Charles II • Kept lines of communication open with England. • 1659 was offered the chance to come back to England IF: • Signed the Petition of Right that his father had thrown away.
Charles II: • Charles agreed IF: • Parliament wouldn’t interfere with his Divine Right. • He could take revenge on the men who had signed his father’s death warrant.
The Regicides • Of the 59 men who had signed Charles I death warrant in 1649, 35 were still alive in 1660. • Most chose to immigrate to Europe or the Americas. • Some were hanged. • Some were hanged, drawn and quartered. • Others imprisoned for life. • One was pardoned. • He had helped Charles II in exile.
King Charles did not treat his return as a time to “get even” with people. • For an absolute monarch he was pretty fair. • Spent part of the tax money on improving the life of his people. • Had some religious tolerance.
Religion under King Charles II (1660 – 1685) • Return to the Anglican Faith as the religion of the country. • Some tolerance for Catholics. • Puritans could practice their religion BUT: • Ministers couldn’t live closer than 7 miles to their parishioners. • You couldn’t be married or buried in your church. • Had to use the Anglican Church • Continued until 1888!
The Restoration: 1660 - 1685 • PARTY TIME! • After all the restrictions under the Puritans, people were ready to have a good time. • Charles definitely knew how to do that!
The Restoration: 1660 - 1685 • Clothing and morals were “looser.” • Dancing, Theatre, Music were encouraged.
And HORROR to the Puritans! • 1661 WOMEN were allowed to act on the stage! • Nell Gwynn – one of the first actresses and one of King Charles’ many, many, many mistresses!
King Charles wasn’t all about having a good time! • Interested in science. • Founded The Royal Society. • England’s first scientific “club.” • Interested in scientific equipment. • Did go out among the people to see how his rules were being accepted by the people. • Some brothels too!
Trivia: King Charles outlawed something we use quite regularly today. • Felt Coffee Houses were a place where politics was discussed more than it should be!
Charles II: The Merry Monarch • We get the phrase: “Eat, drink, and be merry.” • “Restless he rolls from whore to whoreA merry monarch, scandalous and more.” • Song from the Restoration.
Charles II • Married Catherine of Braganza after seeing her portrait. • Didn’t marry for love, it was politics. • But said it was a face he could trust.
Catherine of Braganza • Catholic, but didn’t flaunt her religion about England. • Was a good wife to her husband, except in one way: • She never had a child. • Always miscarried.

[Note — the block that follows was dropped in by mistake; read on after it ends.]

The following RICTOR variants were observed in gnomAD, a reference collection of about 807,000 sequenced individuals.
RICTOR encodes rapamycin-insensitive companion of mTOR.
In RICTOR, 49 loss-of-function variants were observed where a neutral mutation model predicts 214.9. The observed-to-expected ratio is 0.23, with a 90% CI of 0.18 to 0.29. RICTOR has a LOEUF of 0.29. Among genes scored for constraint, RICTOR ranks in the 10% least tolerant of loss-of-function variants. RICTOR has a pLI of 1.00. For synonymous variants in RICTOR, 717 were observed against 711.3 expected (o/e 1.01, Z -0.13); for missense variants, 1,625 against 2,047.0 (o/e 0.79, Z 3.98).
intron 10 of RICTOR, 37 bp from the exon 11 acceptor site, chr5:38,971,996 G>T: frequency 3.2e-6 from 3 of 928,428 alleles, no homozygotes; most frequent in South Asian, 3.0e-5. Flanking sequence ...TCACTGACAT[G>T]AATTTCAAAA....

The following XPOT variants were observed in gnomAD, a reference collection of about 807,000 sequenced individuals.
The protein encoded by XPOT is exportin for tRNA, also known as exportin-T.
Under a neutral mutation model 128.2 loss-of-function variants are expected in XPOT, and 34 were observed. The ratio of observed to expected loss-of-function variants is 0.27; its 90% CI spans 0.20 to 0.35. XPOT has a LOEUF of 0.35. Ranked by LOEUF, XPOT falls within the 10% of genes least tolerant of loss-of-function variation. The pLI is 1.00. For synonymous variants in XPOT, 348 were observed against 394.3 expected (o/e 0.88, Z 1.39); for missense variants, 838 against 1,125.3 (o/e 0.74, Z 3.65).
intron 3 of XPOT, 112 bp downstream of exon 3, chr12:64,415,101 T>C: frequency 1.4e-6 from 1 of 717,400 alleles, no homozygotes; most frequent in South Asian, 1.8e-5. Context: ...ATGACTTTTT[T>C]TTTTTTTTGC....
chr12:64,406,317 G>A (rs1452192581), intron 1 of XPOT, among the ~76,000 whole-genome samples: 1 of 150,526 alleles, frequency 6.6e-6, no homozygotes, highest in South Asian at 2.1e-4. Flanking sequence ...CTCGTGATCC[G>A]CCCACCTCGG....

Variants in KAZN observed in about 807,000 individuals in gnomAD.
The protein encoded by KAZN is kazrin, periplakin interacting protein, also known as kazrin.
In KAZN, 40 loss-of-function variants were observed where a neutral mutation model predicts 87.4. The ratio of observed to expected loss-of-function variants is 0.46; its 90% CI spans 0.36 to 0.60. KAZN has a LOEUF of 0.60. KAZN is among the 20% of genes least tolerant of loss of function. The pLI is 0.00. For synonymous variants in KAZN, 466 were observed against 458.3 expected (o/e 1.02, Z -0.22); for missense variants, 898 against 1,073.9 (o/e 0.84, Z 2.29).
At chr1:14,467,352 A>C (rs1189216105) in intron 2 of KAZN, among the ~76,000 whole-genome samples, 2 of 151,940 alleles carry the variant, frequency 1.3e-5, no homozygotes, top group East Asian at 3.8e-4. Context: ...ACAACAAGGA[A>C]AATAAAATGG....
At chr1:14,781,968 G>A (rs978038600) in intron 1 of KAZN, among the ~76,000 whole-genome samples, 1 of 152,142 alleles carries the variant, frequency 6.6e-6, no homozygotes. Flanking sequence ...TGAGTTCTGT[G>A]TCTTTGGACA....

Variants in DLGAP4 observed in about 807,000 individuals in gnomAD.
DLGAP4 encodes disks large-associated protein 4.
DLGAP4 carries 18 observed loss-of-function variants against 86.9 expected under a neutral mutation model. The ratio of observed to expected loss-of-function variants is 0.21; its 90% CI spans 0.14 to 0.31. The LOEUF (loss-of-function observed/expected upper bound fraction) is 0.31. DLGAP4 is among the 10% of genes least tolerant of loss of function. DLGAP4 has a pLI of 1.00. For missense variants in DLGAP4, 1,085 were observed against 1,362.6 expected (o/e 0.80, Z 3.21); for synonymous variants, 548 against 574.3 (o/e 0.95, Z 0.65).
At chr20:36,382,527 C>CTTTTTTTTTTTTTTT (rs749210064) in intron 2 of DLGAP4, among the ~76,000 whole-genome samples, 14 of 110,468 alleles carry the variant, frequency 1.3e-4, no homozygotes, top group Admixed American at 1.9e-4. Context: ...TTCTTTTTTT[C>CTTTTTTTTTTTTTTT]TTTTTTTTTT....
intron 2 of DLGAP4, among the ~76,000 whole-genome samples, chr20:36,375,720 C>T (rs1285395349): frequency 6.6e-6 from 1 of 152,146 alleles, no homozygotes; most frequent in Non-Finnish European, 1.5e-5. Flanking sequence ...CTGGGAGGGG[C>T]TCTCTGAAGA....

The Merry Monarch • Had LOTS of flings – but did have FIVE OFFICIAL mistresses. • 12 children. • Made mistresses and children “royal” with titles and wealth. • Didn’t make Parliament happy to have to bankroll all these kids!
Mistress #1: Barbara Villiers • Made her the Countess of Castlemaine. • Dukes of Cleveland. • 5 children
Mistress #2: Catherine Pegge • No pictures are known of her: • 2 children • Charles FitzCharles. • A daughter
Mistress #3: Louise de Kerouaille • Duchess of Portsmouth • One son: Charles, Duke of Richmond
Mistress #4: Lucy Walter • A Welsh middle gentry woman that became a courtesan: • Son Charles, Duke of Monmouth. • One daughter • Died before the Restoration.
Mistress #5: Nell Gwynn • The actress! • Made their sons the Duke of St. Albans and the Earl of Beauclerc.(Beauclerk) • But died before he could give her a title. • “Don’t let poor Nell starve.” – Charles II’s last words.
Charles II dies • Stroke at 54 • May have been brought on by a kidney malfunction? • Four days to die: • “I apologize for being so long a dying.”
Historical RUMOR: • Did Charles II turn CATHOLIC before he died? • Still a great deal of anti-Catholic sentiment in England. • Rumors of being poisoned in a Catholic plot to take the throne.
Because next in line was his brother JAMES • James II • A CATHOLIC king???
James II King 1685 - 1689 • James in exile was even more “forgotten.” • He was a younger son, an unemployed prince without much parental guidance in European exile.
Prince James • Became a Catholic as a teenager. • Married a member of the lower nobility, Anne Hyde. • Had eight children before she died in 1671. • She never “fit in” with the Restoration.
King Charles • Sympathized with his brother – but had to look to the future of the Stuart line. • Two daughters of James and Anne lived. • Ordered that they be raised as Protestants. • Princess Mary • Princess Anne
King James II and VII (England and Scotland) • The last Catholic king of England, Scotland, Wales and Ireland.